Deacon Glenn

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“I see”



Short Thoughts 03 26 17

Our human sense of sight or vision is so important to us that we often draw a parallel to it with the understanding or knowledge of something.   How often do we say “I see” when we mean “I understand.”  In our gospel today we hear about a man who is born blind and is given his sight through a miracle of Jesus.  His world opens up and he experiences life an entirely different way.  He now knows and understands the world around him more fully.  But the story is not simply about giving someone physical sight.  It is about opening the man, and in fact all of us, to knowledge and understanding of the presence and power of God in our lives.  This sight is received through Jesus the Christ who is the way, the truth and the light.  The story teaches us to see the world through the “eyes” of God.  Once we see, we can follow.  Once we follow, we help others to see so that they can follow.

Deacon Glenn

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Homily March 2017



Homily March 2017

Have you even been out on a hot sunny day…yes even though it is something we have not seen here in quite a while but still we can remember. Can remember that while you were in the heat the feeling for and need of water? There was a thirst and something inside say I need some water to drink. Jesus had that same feeling as he met the woman at the well. But his needs, as well as her needs, went much deeper than quenching their physical thirst.

I think it is important to set the stage for today’s gospel reading. At roughly the same latitude as Phoenix, Arizona, this area of the Middle East is often hot and dry. At noontime, the sun is beating down and most people are looking for shade in their tents or their simple homes or even under a tree. The community well is where you visited first thing in the morning, not during the heat of the day. But it is precisely the heat of the day that brings on a thirst for water. In part that is what caused the woman to go to the well even at that time. Jesus was also thirsty and needed to get some water to meet his physical needs as he continued on his journey. But for Jesus this occasion was to be more than meeting a physical need, he saw this as an opportunity to help one person see the hand of God in her life. The problem is that she, and too often each of us, could only see the visible and not the deeper reality. But it is God, though Jesus who engages her and us to look into that deeper reality.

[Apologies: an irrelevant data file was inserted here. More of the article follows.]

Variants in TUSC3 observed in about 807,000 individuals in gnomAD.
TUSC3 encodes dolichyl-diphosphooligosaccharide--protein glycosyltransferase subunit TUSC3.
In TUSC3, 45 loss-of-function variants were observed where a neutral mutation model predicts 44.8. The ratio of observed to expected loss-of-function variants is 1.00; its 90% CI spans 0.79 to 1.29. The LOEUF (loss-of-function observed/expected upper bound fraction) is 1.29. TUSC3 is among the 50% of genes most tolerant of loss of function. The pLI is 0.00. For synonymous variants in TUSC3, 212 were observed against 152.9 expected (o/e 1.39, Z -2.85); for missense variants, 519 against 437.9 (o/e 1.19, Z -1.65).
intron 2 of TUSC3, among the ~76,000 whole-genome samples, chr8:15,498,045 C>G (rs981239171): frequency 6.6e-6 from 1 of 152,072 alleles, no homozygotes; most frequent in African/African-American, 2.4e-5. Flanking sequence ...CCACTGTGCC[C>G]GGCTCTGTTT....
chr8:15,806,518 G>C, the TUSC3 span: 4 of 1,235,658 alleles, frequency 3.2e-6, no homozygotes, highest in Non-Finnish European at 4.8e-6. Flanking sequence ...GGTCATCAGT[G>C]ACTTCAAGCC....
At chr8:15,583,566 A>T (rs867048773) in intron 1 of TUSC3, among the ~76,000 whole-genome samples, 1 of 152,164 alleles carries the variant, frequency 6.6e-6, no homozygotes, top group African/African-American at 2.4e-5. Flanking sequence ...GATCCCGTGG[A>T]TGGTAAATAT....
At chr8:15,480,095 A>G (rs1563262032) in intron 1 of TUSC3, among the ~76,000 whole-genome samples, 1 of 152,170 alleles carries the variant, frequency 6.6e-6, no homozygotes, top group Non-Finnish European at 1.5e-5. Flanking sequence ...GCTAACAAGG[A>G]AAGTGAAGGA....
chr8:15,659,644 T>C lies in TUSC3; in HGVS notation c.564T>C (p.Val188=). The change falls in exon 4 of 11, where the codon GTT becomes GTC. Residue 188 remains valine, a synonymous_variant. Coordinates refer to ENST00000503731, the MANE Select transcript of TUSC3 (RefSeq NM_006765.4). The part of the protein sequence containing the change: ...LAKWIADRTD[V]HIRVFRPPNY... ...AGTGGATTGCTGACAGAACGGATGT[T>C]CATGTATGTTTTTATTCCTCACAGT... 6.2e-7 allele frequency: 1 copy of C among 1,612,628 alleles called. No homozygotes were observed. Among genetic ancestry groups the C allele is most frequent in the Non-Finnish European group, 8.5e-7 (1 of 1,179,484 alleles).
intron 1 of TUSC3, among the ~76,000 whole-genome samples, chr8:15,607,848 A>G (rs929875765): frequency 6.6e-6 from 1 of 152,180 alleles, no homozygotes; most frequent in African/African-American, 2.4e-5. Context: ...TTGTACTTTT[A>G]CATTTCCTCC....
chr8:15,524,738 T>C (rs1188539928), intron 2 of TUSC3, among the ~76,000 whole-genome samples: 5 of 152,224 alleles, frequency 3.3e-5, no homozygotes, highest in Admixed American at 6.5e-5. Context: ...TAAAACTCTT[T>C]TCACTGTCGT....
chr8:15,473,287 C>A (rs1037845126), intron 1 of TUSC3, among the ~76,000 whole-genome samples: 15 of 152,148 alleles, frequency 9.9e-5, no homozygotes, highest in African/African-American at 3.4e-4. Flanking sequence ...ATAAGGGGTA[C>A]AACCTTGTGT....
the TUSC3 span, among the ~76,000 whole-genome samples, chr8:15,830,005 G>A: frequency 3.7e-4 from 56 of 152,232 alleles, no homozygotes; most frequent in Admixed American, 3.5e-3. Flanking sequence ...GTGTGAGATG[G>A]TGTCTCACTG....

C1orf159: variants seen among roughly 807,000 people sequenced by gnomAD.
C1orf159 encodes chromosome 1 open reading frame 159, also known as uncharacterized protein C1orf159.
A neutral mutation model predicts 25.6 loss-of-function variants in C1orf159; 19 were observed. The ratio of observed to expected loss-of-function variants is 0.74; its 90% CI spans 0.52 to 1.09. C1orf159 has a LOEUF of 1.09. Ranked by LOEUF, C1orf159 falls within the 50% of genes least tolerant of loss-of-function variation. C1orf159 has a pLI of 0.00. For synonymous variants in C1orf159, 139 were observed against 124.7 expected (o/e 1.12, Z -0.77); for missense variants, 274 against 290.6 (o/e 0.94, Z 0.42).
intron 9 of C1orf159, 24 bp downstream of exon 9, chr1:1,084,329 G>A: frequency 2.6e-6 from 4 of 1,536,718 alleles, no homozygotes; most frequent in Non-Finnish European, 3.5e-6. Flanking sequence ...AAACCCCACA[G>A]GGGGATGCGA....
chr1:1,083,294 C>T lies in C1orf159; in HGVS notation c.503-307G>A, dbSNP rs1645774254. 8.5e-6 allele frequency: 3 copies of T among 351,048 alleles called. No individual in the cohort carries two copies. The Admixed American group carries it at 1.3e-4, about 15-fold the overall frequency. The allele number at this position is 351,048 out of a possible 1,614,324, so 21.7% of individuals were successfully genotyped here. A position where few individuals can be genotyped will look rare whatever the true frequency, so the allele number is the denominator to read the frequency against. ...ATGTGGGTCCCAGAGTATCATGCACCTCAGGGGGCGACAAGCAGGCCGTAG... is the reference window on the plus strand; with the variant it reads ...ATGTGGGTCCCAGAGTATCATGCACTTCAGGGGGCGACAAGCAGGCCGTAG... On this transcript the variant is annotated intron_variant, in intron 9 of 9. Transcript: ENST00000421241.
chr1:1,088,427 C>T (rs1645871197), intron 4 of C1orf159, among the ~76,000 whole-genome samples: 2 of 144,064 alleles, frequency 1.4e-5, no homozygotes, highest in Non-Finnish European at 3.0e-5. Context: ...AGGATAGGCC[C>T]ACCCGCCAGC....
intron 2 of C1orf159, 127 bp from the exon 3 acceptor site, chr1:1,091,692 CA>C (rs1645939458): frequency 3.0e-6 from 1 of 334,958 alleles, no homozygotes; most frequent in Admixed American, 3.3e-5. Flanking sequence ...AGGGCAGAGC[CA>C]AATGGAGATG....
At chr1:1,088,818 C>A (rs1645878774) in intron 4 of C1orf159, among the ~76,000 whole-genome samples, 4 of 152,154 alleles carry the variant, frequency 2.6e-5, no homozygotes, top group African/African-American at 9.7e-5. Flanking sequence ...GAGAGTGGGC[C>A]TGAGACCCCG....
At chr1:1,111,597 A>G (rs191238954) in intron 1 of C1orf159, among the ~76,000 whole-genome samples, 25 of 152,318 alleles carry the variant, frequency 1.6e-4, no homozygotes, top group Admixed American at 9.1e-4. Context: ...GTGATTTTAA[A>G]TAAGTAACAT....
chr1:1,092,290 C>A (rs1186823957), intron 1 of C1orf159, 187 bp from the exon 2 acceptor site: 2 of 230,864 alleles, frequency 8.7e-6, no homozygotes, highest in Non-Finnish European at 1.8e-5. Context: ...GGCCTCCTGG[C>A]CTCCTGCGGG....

God works in in subtle ways. He often uses common and ordinary things in life to bring us into a deeper reality of his realm. Water and the thirst for water are something that all of us know. Water is essential for life. We innately know it, and we naturally seek it out. God has used water as a symbol of his presence with us since the beginning of time. The spirit flowed over the waters at creation. The great flood of Noah was not only purifying action, but also a new beginning. Jesus changed water in to wine, he thirsted on the cross, and water flowed from his side after his death as lance pierce his side. Water gives life, can cause death but always transforms.

The woman at the well was transformed as she realized that she truly needed and desired the living waters of eternal life. She was seeking to quench a thirst that would not be fulfilled with the ordinary actions of her life. She was transformed as she admitted what was holding her back from allowing God to be the center of her life. Who are her five husbands?   Perhaps symbolically they were greed, envy, hatred, disrespect, lack of compassion or some other self-serving self-centered desires? We must ask ourselves, who are our five husbands holding us back from God in our lives? The woman was transform as she found that her thirst was not for ordinary water, but that is was for the living water that Jesus had to offer. She let God into her life and realized that God is always: understanding, merciful, compassionate, forgiving, but most importantly loving. By opening herself to Jesus, she now could become an instrument to spread the good news. All of this happened because Jesus approached her and offered to open her eyes to see the ordinary of life in a very extraordinary way. God is always there for us. Jesus keeps coming to us in our daily lives. Jesus will give us the water we need to quench that thirst. Best of all Jesus is there in ordinary, the routine and the essentials of daily life. We truly see God’s hand in everything.